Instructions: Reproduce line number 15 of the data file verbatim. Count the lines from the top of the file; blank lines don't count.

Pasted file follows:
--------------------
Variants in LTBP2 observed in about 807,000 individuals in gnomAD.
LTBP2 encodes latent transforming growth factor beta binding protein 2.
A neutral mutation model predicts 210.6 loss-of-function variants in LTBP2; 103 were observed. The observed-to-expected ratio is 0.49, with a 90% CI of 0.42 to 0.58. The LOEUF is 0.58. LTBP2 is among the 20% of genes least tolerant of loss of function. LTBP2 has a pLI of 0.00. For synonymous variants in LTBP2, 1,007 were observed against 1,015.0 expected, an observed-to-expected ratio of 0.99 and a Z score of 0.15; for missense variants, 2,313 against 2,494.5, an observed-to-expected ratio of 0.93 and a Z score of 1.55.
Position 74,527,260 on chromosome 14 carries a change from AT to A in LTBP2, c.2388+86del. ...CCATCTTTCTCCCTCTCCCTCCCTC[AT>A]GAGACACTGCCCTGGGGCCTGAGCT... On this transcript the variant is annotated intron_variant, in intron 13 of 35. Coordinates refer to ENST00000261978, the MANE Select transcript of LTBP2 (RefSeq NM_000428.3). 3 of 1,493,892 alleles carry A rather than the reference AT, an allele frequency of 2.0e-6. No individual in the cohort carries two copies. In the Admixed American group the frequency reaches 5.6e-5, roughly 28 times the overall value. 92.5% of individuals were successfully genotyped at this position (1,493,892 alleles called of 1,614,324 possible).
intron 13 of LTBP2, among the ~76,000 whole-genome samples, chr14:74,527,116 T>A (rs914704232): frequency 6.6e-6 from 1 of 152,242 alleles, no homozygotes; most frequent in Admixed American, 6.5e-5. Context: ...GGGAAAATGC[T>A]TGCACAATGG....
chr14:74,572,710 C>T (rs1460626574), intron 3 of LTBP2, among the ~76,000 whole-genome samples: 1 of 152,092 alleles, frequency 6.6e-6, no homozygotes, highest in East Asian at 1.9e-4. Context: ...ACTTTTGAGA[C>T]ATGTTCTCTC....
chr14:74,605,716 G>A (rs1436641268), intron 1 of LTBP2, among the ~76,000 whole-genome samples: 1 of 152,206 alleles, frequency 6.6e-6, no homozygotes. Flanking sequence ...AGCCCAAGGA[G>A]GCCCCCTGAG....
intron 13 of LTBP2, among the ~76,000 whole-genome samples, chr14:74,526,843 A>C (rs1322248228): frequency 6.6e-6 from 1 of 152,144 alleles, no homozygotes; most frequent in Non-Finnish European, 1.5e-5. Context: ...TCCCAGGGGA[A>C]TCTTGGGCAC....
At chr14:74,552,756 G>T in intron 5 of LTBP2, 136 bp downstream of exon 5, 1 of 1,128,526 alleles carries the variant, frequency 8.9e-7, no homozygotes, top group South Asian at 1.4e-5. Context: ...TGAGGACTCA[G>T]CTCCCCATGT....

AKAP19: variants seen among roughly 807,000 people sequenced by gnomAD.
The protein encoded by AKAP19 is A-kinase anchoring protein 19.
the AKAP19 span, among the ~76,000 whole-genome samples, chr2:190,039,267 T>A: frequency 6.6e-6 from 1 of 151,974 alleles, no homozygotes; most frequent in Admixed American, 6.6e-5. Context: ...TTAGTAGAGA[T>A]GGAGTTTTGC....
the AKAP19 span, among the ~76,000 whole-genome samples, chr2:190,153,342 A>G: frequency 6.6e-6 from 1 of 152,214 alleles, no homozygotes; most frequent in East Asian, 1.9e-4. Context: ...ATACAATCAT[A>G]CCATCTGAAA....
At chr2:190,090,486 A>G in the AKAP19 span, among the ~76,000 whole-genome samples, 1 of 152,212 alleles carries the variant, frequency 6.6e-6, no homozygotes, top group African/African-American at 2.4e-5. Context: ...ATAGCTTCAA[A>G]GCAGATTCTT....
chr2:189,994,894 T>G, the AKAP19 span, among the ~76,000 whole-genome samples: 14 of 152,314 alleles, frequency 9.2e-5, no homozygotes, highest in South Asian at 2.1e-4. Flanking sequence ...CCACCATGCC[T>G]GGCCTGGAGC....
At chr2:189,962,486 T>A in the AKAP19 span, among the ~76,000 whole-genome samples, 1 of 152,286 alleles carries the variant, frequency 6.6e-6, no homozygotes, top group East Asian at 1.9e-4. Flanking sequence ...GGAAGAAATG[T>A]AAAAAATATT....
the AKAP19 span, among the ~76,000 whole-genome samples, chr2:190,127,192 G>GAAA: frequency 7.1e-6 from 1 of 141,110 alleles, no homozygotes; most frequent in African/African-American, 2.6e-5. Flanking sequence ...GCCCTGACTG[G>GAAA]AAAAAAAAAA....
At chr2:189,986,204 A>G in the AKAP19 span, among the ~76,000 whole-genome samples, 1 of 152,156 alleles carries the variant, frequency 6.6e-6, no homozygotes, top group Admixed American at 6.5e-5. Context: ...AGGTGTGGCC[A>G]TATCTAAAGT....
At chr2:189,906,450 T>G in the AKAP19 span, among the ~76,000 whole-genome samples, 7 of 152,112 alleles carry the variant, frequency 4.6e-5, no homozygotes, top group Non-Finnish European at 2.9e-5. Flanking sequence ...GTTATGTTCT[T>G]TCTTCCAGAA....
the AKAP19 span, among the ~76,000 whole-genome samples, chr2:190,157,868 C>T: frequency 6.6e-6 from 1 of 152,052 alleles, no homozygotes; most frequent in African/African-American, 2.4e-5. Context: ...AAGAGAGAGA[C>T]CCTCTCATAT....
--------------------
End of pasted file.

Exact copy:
chr2:189,994,894 T>G, the AKAP19 span, among the ~76,000 whole-genome samples: 14 of 152,314 alleles, frequency 9.2e-5, no homozygotes, highest in South Asian at 2.1e-4. Flanking sequence ...CCACCATGCC[T>G]GGCCTGGAGC....